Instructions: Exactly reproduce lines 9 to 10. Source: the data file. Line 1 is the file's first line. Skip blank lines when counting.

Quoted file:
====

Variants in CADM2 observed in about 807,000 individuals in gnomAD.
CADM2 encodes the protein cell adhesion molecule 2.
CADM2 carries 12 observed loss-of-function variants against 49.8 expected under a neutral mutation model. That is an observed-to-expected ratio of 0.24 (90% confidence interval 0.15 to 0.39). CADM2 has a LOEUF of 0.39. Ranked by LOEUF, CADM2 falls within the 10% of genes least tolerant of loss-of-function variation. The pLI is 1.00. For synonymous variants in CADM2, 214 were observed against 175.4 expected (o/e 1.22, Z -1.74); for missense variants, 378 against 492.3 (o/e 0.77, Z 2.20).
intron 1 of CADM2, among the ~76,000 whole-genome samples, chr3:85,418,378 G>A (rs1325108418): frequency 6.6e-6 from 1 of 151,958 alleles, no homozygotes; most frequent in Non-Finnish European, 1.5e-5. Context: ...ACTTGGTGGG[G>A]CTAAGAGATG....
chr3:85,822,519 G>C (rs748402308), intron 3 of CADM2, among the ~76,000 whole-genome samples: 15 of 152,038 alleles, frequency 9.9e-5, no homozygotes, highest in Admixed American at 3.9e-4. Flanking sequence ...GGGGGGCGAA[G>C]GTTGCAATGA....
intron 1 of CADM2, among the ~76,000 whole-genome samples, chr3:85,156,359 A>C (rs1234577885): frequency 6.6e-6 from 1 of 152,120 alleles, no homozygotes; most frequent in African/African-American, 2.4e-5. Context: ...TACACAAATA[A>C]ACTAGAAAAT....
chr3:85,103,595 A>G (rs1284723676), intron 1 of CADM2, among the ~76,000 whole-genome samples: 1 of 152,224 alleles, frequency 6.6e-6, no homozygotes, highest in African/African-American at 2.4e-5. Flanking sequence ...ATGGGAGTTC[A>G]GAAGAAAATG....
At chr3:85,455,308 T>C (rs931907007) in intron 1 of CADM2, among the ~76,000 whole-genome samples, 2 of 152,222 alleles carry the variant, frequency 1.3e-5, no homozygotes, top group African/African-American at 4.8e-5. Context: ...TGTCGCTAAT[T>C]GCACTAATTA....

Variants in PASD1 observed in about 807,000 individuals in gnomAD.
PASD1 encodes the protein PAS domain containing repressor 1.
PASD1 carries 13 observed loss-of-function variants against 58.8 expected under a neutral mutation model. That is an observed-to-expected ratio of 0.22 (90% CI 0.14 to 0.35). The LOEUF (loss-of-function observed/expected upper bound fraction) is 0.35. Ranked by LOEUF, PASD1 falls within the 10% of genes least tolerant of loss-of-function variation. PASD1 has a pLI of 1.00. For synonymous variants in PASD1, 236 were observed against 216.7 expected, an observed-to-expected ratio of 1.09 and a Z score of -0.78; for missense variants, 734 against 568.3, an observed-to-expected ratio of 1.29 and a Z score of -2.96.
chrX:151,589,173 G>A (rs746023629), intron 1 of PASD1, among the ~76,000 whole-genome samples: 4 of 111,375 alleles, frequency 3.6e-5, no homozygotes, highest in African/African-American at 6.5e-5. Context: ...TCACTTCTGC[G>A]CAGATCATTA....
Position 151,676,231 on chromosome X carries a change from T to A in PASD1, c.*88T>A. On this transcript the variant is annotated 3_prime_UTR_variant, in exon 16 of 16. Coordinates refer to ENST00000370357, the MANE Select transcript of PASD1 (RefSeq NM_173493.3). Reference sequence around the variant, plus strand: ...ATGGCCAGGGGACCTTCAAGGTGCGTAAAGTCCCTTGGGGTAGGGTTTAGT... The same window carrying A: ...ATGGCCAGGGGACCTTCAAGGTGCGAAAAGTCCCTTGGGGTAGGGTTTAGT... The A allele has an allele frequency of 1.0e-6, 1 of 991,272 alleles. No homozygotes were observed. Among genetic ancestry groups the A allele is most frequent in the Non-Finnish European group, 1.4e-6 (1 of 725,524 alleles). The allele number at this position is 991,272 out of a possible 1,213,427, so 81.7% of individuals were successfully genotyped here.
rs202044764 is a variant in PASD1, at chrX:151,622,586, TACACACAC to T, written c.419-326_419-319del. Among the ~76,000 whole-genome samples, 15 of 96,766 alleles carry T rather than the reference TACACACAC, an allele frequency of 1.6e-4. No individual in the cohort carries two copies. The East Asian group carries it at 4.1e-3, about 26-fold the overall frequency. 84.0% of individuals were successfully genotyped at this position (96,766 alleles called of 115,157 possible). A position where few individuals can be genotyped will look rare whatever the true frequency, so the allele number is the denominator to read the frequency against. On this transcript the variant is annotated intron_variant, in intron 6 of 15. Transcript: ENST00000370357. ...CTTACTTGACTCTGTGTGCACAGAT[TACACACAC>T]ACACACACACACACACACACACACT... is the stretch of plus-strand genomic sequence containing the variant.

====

Variants in PASD1 observed in about 807,000 individuals in gnomAD.
PASD1 encodes the protein PAS domain containing repressor 1.